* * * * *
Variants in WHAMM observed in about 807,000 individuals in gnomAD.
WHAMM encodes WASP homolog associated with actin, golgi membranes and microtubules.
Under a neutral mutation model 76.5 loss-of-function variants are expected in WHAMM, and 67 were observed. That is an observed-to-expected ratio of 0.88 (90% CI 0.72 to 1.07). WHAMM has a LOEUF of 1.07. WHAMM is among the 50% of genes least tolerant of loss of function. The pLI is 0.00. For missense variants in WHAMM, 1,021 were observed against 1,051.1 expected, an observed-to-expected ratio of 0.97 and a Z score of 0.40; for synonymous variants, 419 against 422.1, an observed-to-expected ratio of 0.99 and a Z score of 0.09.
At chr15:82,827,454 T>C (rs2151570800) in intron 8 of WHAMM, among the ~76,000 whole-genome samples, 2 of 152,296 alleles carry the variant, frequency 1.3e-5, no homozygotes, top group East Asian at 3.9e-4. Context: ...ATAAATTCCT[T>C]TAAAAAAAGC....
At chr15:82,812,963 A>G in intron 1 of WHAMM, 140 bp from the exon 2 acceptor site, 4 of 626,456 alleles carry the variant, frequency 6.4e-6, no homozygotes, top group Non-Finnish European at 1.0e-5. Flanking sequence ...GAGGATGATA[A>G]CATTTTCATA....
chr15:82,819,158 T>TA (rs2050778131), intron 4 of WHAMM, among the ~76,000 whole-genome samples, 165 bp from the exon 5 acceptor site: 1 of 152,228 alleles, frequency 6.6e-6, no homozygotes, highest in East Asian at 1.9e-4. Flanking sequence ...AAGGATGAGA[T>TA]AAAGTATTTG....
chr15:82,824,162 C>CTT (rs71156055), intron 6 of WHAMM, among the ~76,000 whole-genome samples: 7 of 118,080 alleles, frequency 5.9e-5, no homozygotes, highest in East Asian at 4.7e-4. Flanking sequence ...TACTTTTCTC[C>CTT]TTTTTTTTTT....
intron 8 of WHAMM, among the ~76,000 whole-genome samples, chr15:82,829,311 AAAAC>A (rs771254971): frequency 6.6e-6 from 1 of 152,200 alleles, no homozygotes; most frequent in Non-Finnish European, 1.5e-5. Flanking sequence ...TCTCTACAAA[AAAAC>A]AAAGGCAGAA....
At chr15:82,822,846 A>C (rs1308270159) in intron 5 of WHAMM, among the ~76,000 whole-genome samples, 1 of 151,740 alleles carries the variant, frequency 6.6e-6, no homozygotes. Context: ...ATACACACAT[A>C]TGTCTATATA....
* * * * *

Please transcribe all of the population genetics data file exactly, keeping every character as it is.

Variants in WHAMM observed in about 807,000 individuals in gnomAD.
WHAMM encodes WASP homolog associated with actin, golgi membranes and microtubules.
Under a neutral mutation model 76.5 loss-of-function variants are expected in WHAMM, and 67 were observed. That is an observed-to-expected ratio of 0.88 (90% CI 0.72 to 1.07). WHAMM has a LOEUF of 1.07. WHAMM is among the 50% of genes least tolerant of loss of function. The pLI is 0.00. For missense variants in WHAMM, 1,021 were observed against 1,051.1 expected, an observed-to-expected ratio of 0.97 and a Z score of 0.40; for synonymous variants, 419 against 422.1, an observed-to-expected ratio of 0.99 and a Z score of 0.09.
At chr15:82,827,454 T>C (rs2151570800) in intron 8 of WHAMM, among the ~76,000 whole-genome samples, 2 of 152,296 alleles carry the variant, frequency 1.3e-5, no homozygotes, top group East Asian at 3.9e-4. Context: ...ATAAATTCCT[T>C]TAAAAAAAGC....
At chr15:82,812,963 A>G in intron 1 of WHAMM, 140 bp from the exon 2 acceptor site, 4 of 626,456 alleles carry the variant, frequency 6.4e-6, no homozygotes, top group Non-Finnish European at 1.0e-5. Flanking sequence ...GAGGATGATA[A>G]CATTTTCATA....
chr15:82,819,158 T>TA (rs2050778131), intron 4 of WHAMM, among the ~76,000 whole-genome samples, 165 bp from the exon 5 acceptor site: 1 of 152,228 alleles, frequency 6.6e-6, no homozygotes, highest in East Asian at 1.9e-4. Flanking sequence ...AAGGATGAGA[T>TA]AAAGTATTTG....
chr15:82,824,162 C>CTT (rs71156055), intron 6 of WHAMM, among the ~76,000 whole-genome samples: 7 of 118,080 alleles, frequency 5.9e-5, no homozygotes, highest in East Asian at 4.7e-4. Flanking sequence ...TACTTTTCTC[C>CTT]TTTTTTTTTT....
intron 8 of WHAMM, among the ~76,000 whole-genome samples, chr15:82,829,311 AAAAC>A (rs771254971): frequency 6.6e-6 from 1 of 152,200 alleles, no homozygotes; most frequent in Non-Finnish European, 1.5e-5. Flanking sequence ...TCTCTACAAA[AAAAC>A]AAAGGCAGAA....
At chr15:82,822,846 A>C (rs1308270159) in intron 5 of WHAMM, among the ~76,000 whole-genome samples, 1 of 151,740 alleles carries the variant, frequency 6.6e-6, no homozygotes. Context: ...ATACACACAT[A>C]TGTCTATATA....